Which Syrian Rebels, Exactly, Should We Arm?

The Economist has a helpful graphic on key rebel groups in Syria:


Note how may of these groups are described as “Islamists” or “Jihadists.” Matt Steinglass doubts there is much we can do:

[W]hat about trying to just end the bloodshed and freeze the current situation? Given that the country’s population has effectively split into irreconcilable warring camps, wouldn’t it be best for all concerned if those camps were each acknowledged as legitimate in their areas of control? If those areas of control are more homogenous than the overall Syrian state, couldn’t that form a more stable basis for governance? Should America aim for a resolution along those lines in the talks it’s convening with Russia?

Maybe. Then again, maybe not. The problem with formally acknowledging armed secessionist groups as soon as they gain control over a patch of territory is that it encourages new armed groups to secede, provoking yet more civil wars. (See under: Yugoslavia.) And in the middle east, hopes that such splinter groups will grow into non-belligerent stakeholders once they’ve become responsible for controlling populations and territory are often disappointed. (See under: Hamas; Gaza.)

Even Jeffrey Goldberg, who has been itching for a new war, is now wary of getting involved. He thinks the US may have missed its chance:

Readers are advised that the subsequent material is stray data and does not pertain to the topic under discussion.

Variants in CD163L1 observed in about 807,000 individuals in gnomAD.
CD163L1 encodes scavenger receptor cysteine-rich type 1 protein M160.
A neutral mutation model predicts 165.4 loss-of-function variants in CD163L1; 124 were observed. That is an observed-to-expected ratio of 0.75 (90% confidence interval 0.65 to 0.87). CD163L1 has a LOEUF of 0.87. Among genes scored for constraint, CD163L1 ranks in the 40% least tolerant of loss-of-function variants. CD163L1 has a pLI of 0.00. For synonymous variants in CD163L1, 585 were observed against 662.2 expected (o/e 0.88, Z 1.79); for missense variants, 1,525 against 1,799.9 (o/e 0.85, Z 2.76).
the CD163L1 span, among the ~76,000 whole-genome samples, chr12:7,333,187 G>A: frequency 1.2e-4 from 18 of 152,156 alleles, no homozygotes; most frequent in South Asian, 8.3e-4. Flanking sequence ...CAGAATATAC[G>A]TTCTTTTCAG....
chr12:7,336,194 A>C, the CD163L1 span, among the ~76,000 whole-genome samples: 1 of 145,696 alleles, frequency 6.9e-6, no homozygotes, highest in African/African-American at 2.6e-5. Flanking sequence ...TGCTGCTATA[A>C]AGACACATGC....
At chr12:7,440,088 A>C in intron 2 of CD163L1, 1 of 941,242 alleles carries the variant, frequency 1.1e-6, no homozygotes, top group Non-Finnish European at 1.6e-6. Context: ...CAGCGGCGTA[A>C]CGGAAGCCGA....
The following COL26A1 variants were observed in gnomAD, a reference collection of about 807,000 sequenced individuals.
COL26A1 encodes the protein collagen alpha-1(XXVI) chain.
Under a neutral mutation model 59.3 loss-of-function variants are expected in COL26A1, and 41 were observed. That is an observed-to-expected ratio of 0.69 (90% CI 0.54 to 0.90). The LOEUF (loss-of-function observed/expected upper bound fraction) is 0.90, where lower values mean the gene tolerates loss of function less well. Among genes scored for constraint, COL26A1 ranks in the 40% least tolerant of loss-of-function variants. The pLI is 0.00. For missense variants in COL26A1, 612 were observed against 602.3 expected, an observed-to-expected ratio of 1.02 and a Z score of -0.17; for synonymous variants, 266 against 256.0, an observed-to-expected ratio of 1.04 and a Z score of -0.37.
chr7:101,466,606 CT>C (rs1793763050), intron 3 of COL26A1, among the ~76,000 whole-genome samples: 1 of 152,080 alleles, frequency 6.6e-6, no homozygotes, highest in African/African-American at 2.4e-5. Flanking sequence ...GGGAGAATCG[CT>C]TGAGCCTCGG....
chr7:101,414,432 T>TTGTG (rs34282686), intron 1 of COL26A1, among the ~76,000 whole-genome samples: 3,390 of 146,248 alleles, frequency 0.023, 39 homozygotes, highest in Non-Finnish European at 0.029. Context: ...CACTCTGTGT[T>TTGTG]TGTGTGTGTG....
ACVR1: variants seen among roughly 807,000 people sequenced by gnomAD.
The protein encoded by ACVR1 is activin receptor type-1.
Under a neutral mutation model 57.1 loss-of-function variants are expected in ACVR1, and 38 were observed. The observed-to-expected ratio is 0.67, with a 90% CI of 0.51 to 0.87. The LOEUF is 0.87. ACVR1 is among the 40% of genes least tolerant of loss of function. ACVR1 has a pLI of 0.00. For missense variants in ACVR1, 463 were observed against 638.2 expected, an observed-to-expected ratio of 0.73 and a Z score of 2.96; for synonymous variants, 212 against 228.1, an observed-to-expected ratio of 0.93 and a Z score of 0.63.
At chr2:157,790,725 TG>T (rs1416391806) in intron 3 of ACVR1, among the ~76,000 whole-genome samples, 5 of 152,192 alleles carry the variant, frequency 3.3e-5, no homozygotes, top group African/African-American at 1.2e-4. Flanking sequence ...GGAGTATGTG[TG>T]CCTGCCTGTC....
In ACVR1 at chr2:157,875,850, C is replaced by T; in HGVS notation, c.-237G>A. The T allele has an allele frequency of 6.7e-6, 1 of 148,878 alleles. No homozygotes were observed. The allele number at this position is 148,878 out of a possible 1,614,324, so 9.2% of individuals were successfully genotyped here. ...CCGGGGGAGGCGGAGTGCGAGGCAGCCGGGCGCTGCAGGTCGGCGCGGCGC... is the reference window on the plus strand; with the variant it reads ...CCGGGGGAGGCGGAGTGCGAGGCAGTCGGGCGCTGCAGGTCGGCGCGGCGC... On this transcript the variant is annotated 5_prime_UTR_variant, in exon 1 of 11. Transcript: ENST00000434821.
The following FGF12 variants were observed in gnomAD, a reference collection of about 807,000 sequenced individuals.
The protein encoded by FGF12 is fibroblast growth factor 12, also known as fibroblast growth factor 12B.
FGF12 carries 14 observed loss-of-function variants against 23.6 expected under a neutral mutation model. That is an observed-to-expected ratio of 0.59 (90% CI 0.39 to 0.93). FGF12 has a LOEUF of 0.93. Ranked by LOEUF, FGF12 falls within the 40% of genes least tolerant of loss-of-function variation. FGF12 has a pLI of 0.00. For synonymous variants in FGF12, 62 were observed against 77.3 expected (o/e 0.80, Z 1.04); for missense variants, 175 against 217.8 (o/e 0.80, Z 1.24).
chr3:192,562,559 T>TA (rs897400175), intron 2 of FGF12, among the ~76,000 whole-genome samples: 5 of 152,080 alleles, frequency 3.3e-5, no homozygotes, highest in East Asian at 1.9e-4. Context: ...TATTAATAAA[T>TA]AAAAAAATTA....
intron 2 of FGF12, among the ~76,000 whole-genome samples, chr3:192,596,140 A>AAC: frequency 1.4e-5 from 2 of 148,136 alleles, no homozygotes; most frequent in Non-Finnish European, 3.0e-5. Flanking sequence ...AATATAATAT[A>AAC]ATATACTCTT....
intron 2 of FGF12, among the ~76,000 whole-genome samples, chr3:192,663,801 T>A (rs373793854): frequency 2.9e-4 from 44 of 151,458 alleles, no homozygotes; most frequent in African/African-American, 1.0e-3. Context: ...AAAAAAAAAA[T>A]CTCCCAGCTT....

Early intervention — a coherent, active attempt by the U.S. and its allies to build up, finance and advise what was then a moderate opposition — might have worked. Now, though, the Assad regime is showing signs of real resilience, and the opposition is showing signs of real brutality. It is easy to blame Obama for his early passivity. It is slightly harder to blame him for looking at Syria as it is today and then choosing to ignore calls for deeper intervention on the side of the rebels.

And Conor Friedersdorf wants interventionists to consider non-military ways to alleviate suffering around the world:

When an interventionist wants to put boots on the ground, arguing that it’s necessary to save lives, it means asking ourselves, before acceding, “can more lives be saved by spending this money on anything other than a war”? The fact is that, even granting the smartest critiques of international development work, it is usually a better way to help people than war, and it engenders good feelings rather than blowback.